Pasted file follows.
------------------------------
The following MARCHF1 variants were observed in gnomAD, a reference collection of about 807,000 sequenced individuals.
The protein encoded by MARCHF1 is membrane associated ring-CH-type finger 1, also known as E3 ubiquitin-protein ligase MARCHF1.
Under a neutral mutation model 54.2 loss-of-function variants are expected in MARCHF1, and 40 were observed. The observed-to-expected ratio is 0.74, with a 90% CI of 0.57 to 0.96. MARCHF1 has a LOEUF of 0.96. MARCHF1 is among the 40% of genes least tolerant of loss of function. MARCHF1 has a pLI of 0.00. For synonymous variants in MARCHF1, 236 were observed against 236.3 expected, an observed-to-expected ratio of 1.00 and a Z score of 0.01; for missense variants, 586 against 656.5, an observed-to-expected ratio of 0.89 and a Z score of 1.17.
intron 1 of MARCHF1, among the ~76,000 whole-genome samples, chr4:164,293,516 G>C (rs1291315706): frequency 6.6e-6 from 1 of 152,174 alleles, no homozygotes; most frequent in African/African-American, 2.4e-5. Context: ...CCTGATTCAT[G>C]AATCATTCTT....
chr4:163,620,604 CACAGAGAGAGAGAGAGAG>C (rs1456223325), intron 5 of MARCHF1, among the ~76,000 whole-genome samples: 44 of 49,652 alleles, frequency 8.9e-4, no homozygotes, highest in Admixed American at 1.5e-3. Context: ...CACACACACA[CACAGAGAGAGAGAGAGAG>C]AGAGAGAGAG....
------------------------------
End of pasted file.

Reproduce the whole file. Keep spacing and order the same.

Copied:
The following MARCHF1 variants were observed in gnomAD, a reference collection of about 807,000 sequenced individuals.
The protein encoded by MARCHF1 is membrane associated ring-CH-type finger 1, also known as E3 ubiquitin-protein ligase MARCHF1.
Under a neutral mutation model 54.2 loss-of-function variants are expected in MARCHF1, and 40 were observed. The observed-to-expected ratio is 0.74, with a 90% CI of 0.57 to 0.96. MARCHF1 has a LOEUF of 0.96. MARCHF1 is among the 40% of genes least tolerant of loss of function. MARCHF1 has a pLI of 0.00. For synonymous variants in MARCHF1, 236 were observed against 236.3 expected, an observed-to-expected ratio of 1.00 and a Z score of 0.01; for missense variants, 586 against 656.5, an observed-to-expected ratio of 0.89 and a Z score of 1.17.
intron 1 of MARCHF1, among the ~76,000 whole-genome samples, chr4:164,293,516 G>C (rs1291315706): frequency 6.6e-6 from 1 of 152,174 alleles, no homozygotes; most frequent in African/African-American, 2.4e-5. Context: ...CCTGATTCAT[G>C]AATCATTCTT....
chr4:163,620,604 CACAGAGAGAGAGAGAGAG>C (rs1456223325), intron 5 of MARCHF1, among the ~76,000 whole-genome samples: 44 of 49,652 alleles, frequency 8.9e-4, no homozygotes, highest in Admixed American at 1.5e-3. Context: ...CACACACACA[CACAGAGAGAGAGAGAGAG>C]AGAGAGAGAG....